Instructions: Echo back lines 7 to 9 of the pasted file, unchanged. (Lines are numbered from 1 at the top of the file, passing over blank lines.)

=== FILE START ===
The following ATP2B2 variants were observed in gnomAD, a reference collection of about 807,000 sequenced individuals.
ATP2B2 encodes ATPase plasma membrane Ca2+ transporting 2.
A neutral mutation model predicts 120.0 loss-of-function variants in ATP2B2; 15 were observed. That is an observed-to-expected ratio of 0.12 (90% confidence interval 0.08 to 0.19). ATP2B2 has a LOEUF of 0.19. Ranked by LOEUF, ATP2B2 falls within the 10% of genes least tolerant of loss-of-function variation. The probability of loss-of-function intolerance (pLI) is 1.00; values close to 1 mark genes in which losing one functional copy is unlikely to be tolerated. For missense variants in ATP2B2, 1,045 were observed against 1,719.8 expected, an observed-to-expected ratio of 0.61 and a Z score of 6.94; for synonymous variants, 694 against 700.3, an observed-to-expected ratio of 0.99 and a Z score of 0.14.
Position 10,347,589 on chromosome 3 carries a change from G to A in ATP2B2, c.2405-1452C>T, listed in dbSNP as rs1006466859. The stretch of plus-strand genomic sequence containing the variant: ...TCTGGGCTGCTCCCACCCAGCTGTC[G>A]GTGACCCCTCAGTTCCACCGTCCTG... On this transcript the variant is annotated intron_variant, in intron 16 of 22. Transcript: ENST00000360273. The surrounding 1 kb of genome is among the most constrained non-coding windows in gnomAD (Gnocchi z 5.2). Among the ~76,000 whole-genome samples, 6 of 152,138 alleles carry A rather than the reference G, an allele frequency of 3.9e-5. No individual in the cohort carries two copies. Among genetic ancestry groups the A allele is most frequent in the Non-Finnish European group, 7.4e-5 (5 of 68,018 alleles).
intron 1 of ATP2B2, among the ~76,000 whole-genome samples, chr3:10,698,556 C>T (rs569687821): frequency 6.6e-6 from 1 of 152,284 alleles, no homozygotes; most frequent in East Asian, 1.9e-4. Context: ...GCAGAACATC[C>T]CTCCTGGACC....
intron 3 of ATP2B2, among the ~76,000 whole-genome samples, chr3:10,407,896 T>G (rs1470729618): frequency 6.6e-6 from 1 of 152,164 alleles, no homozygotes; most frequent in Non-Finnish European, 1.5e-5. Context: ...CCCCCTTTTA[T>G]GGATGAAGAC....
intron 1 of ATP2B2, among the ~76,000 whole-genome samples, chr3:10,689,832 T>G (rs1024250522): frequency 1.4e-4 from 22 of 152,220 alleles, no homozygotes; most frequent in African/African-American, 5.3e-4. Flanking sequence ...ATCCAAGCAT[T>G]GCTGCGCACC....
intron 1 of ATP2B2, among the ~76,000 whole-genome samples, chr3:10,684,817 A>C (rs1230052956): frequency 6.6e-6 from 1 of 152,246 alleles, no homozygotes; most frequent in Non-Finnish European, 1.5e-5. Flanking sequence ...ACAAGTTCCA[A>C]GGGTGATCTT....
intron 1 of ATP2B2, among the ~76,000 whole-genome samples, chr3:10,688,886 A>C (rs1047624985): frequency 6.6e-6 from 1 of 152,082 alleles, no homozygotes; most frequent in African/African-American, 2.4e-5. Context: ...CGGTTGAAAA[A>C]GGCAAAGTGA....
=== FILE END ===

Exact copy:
intron 1 of ATP2B2, among the ~76,000 whole-genome samples, chr3:10,689,832 T>G (rs1024250522): frequency 1.4e-4 from 22 of 152,220 alleles, no homozygotes; most frequent in African/African-American, 5.3e-4. Flanking sequence ...ATCCAAGCAT[T>G]GCTGCGCACC....
intron 1 of ATP2B2, among the ~76,000 whole-genome samples, chr3:10,684,817 A>C (rs1230052956): frequency 6.6e-6 from 1 of 152,246 alleles, no homozygotes; most frequent in Non-Finnish European, 1.5e-5. Flanking sequence ...ACAAGTTCCA[A>C]GGGTGATCTT....
intron 1 of ATP2B2, among the ~76,000 whole-genome samples, chr3:10,688,886 A>C (rs1047624985): frequency 6.6e-6 from 1 of 152,082 alleles, no homozygotes; most frequent in African/African-American, 2.4e-5. Context: ...CGGTTGAAAA[A>C]GGCAAAGTGA....